Wednesday, January 21, 2015

Jim Rickards On The Perfect Storm

Jim Rickards reviews the potential losses in the junk bond market around the world due to the oil price decline and the dollar's impact on emerging market debt. The following is a quick summary; the full article can be read at The Daily Reckoning in A Perfect Storm.

Over the coming months, I believe we could see an economic meltdown at least six times the size of the 2007 subprime mortgage meltdown.

In the national defense community, military commanders are known for fighting the last war. They study their prior failures in preparation for the next conflict. The problem is that each war inevitably involves new tactics for which they’re completely unprepared. The same mistake is made in financial circles. Financial regulators are no different than military commanders. They fight the last war. The last two global meltdowns, in 1998 and 2008, are cases in point.

The next financial collapse, already on our radar screen, will not come from hedge funds or home mortgages. It will come from junk bonds, especially energy-related and emerging-market corporate debt.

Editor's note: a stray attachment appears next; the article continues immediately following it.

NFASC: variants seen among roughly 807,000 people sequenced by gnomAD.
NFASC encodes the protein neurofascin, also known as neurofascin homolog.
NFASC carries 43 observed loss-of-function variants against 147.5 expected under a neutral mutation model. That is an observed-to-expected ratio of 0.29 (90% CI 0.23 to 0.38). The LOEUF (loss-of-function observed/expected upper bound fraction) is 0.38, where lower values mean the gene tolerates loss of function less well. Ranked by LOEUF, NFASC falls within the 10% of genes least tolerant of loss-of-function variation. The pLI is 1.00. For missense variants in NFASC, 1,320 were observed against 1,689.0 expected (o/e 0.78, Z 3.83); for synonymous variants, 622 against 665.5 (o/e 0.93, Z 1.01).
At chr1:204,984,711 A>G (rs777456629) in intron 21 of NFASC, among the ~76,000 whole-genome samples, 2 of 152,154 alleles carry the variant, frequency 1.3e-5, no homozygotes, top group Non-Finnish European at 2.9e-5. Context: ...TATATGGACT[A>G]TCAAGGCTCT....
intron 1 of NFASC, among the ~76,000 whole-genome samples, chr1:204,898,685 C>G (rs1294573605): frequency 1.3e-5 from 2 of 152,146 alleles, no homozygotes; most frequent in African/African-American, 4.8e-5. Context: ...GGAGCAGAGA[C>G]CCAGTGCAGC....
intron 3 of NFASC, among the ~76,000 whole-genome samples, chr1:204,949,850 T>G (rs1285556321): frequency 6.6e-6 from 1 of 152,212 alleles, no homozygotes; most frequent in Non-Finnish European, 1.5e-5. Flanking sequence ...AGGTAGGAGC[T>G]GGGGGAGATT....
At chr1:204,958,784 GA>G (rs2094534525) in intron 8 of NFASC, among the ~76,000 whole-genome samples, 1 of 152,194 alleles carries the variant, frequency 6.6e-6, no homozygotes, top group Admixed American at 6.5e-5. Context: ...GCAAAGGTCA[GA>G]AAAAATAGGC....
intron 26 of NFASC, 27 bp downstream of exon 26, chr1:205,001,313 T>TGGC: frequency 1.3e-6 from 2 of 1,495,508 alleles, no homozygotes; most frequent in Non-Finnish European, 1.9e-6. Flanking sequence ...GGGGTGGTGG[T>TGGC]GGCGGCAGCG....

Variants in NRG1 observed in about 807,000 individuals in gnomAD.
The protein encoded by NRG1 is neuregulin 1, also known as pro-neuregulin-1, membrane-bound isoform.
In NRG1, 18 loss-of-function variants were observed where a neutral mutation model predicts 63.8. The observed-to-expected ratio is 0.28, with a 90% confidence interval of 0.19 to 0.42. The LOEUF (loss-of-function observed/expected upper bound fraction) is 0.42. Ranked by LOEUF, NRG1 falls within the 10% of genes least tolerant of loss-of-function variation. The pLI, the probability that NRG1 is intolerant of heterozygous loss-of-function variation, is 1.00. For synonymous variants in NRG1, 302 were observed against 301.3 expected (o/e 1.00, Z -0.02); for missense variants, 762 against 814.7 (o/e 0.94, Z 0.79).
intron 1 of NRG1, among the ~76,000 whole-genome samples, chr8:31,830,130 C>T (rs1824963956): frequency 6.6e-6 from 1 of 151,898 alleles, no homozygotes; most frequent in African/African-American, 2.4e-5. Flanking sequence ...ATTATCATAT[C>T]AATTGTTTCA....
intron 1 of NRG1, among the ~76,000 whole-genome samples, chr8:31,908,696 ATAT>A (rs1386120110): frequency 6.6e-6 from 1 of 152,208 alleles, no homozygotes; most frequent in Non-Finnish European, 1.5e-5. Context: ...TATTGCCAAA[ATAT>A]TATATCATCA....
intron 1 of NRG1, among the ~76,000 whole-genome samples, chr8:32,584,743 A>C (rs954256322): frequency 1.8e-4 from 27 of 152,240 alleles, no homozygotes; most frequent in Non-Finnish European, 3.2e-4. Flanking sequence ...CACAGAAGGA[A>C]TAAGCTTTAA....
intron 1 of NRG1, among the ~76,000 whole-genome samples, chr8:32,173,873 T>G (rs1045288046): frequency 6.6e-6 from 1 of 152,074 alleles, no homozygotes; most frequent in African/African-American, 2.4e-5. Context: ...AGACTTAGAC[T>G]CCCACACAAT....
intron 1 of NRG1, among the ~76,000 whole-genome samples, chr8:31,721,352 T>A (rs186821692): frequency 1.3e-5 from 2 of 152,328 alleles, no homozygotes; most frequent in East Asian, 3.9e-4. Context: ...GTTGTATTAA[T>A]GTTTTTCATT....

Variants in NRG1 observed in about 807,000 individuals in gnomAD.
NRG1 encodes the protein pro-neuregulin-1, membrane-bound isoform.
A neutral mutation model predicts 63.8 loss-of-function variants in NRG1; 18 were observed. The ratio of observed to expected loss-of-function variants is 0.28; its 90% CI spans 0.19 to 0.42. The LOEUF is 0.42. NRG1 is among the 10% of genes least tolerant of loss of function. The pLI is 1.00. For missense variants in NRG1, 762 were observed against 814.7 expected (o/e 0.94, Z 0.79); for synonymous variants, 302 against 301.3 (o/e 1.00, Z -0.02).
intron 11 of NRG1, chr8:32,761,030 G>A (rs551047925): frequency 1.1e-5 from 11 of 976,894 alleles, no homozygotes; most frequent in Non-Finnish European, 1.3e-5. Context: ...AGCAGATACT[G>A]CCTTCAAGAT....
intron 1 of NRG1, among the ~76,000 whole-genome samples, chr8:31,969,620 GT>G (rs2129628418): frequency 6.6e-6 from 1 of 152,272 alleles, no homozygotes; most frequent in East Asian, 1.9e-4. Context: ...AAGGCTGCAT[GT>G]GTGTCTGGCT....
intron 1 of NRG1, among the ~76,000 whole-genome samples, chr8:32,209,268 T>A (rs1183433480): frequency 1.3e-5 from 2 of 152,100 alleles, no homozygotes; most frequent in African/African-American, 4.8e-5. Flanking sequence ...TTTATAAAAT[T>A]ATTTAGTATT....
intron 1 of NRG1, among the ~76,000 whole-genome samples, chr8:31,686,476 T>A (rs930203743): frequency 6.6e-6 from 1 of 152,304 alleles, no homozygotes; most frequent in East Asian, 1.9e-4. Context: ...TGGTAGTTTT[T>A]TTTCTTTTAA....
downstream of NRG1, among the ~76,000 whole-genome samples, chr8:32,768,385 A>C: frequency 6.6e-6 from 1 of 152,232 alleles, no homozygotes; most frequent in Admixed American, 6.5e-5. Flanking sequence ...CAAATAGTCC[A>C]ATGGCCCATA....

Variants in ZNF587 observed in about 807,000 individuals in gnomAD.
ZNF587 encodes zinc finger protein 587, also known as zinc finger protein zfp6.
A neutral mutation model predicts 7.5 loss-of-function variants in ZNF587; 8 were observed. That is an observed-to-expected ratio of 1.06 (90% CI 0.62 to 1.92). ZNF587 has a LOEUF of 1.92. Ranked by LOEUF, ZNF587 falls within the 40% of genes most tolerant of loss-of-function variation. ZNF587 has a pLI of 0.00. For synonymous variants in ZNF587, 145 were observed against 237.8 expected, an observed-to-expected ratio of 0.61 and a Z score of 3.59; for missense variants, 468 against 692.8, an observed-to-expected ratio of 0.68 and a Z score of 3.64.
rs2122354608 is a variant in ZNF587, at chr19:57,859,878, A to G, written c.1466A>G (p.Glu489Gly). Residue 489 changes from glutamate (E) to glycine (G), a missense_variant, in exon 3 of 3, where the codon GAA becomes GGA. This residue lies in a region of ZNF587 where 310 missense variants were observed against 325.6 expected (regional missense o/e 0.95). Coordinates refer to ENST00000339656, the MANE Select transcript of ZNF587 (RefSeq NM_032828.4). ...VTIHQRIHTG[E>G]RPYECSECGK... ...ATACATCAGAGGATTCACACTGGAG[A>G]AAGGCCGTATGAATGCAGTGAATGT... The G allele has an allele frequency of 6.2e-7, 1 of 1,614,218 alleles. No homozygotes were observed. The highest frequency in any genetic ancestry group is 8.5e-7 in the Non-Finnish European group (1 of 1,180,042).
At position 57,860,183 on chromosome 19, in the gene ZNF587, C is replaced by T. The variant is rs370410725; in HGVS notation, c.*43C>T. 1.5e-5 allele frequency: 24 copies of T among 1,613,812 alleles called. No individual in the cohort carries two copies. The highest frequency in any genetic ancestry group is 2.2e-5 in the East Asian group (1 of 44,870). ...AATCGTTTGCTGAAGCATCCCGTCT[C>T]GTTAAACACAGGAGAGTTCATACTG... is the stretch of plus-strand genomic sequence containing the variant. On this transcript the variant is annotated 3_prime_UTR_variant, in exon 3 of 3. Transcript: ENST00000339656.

The Financial Times recently estimated that the total amount of energy-related corporate debt issued from 2009-2014 for exploration and development is over $5 trillion. Meanwhile, the Bank for International Settlements recently estimated that the total amount of emerging-market dollar-denominated corporate debt is over $9 trillion.
If default rates are only 10% — a conservative assumption — this corporate debt fiasco will be six times larger than the subprime losses in 2007. The world is looking at a debt catastrophe much larger than LTCM in 1998 and the mortgage market in 2008. Regulators are completely unprepared for this because they have been busy fighting the last war.

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